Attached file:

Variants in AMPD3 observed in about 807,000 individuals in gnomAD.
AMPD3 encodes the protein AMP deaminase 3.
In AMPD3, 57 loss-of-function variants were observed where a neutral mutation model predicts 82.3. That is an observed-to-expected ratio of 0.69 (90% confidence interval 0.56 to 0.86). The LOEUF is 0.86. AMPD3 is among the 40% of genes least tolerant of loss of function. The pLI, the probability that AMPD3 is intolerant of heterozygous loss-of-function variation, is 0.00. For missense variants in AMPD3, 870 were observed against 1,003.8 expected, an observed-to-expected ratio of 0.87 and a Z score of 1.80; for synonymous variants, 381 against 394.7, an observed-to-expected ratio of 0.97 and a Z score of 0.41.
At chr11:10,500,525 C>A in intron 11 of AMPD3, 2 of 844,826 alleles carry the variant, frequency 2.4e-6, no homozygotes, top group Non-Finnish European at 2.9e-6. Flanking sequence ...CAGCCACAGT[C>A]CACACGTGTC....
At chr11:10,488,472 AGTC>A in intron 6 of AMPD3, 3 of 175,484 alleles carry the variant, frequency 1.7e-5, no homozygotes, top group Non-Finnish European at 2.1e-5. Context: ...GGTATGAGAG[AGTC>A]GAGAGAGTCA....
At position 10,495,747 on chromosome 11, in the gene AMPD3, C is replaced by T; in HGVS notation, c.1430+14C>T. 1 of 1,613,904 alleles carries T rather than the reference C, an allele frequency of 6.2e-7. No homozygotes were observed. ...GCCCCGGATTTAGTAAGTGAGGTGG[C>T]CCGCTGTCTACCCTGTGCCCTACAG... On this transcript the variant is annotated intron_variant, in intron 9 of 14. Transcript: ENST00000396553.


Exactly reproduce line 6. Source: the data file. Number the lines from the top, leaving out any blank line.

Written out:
At position 10,495,747 on chromosome 11, in the gene AMPD3, C is replaced by T; in HGVS notation, c.1430+14C>T. 1 of 1,613,904 alleles carries T rather than the reference C, an allele frequency of 6.2e-7. No homozygotes were observed. ...GCCCCGGATTTAGTAAGTGAGGTGG[C>T]CCGCTGTCTACCCTGTGCCCTACAG... On this transcript the variant is annotated intron_variant, in intron 9 of 14. Transcript: ENST00000396553.